APLA hosted its inaugural salon, Producing Political and Legal Knowledge through Cross-Disciplinary Engagements, on December 3, 2014 during the AAA annual meetings in Washington, DC. The event
was held at the community-based café and event space, Busboys & Poets, in the heart of the city. AAA members, scholars from local universities, and area-based governmental employees and applied research practitioners gathered for drinks, appetizers, and a panel presentation exploring how anthropological knowledge is used and understood by those working beyond the confines of the subdiscipline. Former APLA President Susan Hirsch moderated the panel discussion which included Clara Han of Johns Hopkins, Steven Livingston of The George Washington University, and Jon Gould and Helena Silverstein of the National Science Foundation’ (NSF) Law and Social Science Program.Hirsch introduced the panel theme through reflections on her own scholarly and practical work on justice and reconciliation. She has written reflexively about her experiences as a survivor of the 1998 East African embassy bombings, as the widow of a victim of the bombings, and as a witness at the 2001 trial of the alleged bombers. She has also worked with widows of the 2001 World Trade Center victims, sharing her journey through grief and her pursuit of justice.
As directors of the NSF Law and Social Sciences Program, Gould and Silverstein stressed the value of anthropological knowledge for sociolegal scholarship and encouraged anthropologists to apply for funding through the program. Both emphasized the unique contributions of ethnographic knowledge to understandings of the social life of law and on informal law, norms, and customs. Silverstein reminded the audience that NSF directors are happy to offer feedback to applicants as they develop projects and will often read two-page draft descriptions.
Livingston picked up the theme that ethnographic knowledge offers unique forms of understanding, encouraging the audience to present their ethnographic findings with confidence. His current research explores the innovative uses of new technology to monitor and document human rights violations—for example, using satellite cameras to identify grave sites, and SIM cards to document the lives of victims without birth certificates. In his work with international regulatory bodies, he has seen a desire among elites to explore technological innovation for its own sake, rather than to meet the actual needs of people in the developing world. Here ethnographic “on the ground” knowledge produced by anthropologists has the potential to steer transnational efforts towards more effective uses of technology.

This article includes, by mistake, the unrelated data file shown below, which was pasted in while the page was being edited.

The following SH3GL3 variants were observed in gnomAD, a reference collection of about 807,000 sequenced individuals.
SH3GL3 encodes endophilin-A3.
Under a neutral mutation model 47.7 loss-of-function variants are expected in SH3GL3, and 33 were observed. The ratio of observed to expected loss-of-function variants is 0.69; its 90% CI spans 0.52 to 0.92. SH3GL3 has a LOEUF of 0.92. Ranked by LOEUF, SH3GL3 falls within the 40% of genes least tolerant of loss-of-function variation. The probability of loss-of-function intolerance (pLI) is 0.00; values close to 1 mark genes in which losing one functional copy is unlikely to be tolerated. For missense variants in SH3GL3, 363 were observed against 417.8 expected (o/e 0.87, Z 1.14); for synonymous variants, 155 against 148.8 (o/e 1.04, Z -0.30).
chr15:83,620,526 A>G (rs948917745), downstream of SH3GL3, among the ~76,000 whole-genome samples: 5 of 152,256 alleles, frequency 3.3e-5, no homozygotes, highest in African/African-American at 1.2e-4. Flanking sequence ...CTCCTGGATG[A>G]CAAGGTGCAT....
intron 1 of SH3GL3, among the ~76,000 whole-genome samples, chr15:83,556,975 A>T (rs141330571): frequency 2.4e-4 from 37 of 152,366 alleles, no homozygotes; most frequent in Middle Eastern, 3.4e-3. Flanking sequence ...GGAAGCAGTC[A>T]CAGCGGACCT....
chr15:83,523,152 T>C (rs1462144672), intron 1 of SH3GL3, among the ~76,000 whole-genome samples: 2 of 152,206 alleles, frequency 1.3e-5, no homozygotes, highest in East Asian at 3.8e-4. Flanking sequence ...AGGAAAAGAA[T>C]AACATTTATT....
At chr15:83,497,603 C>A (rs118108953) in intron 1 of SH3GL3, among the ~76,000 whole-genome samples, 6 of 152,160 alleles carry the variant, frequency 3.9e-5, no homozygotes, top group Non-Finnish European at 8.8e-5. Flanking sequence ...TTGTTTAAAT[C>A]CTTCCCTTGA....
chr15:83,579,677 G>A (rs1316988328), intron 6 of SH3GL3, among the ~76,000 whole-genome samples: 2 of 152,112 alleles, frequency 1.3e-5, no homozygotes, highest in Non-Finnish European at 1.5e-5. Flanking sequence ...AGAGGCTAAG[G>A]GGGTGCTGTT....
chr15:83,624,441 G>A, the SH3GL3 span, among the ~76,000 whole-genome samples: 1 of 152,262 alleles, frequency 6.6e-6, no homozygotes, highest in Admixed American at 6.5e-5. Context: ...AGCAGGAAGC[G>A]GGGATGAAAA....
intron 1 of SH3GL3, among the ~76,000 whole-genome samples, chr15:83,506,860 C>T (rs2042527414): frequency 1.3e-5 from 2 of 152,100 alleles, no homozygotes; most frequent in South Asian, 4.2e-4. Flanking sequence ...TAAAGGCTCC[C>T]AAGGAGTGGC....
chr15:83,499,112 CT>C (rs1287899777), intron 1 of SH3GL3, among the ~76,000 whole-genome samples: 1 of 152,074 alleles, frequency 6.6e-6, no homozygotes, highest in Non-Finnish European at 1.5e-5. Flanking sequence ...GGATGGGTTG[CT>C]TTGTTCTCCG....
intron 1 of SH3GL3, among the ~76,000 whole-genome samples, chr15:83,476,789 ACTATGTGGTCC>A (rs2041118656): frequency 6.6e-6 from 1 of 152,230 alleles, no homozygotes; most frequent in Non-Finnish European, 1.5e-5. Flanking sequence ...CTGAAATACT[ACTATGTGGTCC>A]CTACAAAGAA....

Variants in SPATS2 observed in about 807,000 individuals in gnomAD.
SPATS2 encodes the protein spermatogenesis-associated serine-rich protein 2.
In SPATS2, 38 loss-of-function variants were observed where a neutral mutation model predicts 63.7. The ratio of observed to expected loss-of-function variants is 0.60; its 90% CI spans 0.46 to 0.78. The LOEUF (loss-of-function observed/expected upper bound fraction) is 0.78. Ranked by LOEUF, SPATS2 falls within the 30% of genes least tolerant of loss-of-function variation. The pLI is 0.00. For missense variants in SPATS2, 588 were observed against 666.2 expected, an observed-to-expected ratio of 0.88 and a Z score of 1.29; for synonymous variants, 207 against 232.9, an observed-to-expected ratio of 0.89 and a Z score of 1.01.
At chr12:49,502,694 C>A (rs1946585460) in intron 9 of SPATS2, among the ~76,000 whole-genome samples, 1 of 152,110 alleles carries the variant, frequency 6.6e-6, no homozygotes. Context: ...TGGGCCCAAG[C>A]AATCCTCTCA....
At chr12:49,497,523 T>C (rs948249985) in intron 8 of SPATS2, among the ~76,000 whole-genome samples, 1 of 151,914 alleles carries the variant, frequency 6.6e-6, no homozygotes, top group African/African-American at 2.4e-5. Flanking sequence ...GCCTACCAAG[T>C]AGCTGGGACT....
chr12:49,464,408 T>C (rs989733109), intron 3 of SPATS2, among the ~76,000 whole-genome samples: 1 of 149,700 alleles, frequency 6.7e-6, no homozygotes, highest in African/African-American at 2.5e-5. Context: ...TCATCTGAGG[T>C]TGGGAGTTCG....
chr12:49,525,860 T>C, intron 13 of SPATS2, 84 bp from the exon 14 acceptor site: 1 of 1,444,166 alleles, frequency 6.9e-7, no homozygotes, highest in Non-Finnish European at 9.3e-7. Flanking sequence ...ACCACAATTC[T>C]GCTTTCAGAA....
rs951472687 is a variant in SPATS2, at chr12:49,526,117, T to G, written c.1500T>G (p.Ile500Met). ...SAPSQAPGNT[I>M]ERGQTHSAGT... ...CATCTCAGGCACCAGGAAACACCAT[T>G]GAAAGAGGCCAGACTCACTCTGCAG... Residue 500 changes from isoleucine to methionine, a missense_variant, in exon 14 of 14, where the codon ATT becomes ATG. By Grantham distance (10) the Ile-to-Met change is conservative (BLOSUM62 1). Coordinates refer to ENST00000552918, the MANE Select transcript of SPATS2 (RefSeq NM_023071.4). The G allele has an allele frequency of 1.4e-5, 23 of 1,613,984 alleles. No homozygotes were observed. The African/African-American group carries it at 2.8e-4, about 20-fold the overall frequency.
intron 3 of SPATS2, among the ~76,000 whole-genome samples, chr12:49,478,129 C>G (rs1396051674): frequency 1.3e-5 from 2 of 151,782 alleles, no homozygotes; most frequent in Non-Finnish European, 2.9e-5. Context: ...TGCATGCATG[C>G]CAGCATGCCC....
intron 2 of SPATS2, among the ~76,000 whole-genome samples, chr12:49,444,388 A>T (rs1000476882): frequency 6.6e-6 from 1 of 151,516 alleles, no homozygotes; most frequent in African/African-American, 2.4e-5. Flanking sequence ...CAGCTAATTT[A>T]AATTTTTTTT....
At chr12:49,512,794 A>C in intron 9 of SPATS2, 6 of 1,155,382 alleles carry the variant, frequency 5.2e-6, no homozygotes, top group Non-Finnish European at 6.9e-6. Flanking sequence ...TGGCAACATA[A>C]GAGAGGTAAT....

Han also emphasized the distinctive contributions of ethnography to both medical anthropology and health care reform. Noting that social scientists often aggregate knowledge in search of generalizable concepts, she argued for ethnographic specificity as a different mode of knowledge production. Ethnographic knowledge, with its depth and duration, can provide a different path to social scientific theory, allowing scholars and practitioners to identify concepts that “migrate”—that is, are explanatory in other contexts. The perspective from which anthropologists approach knowledge makes processes and causes visible that broad aggregation cannot. As a physician and anthropologist, Professor Han conducts fieldwork in Santiago, Chile, studying how neoliberal policies of the state and international economic agencies transform and violate everyday life.
A lively audience and panelist discussion followed. In the current environment of funding, publishing, and professional uncertainties, the salon was a heartening reminder of the value of anthropological research.
Please send ideas for future columns to the contributing editors, Leo Coleman at Coleman.firstname.lastname@example.org and Allison Fish at email@example.com.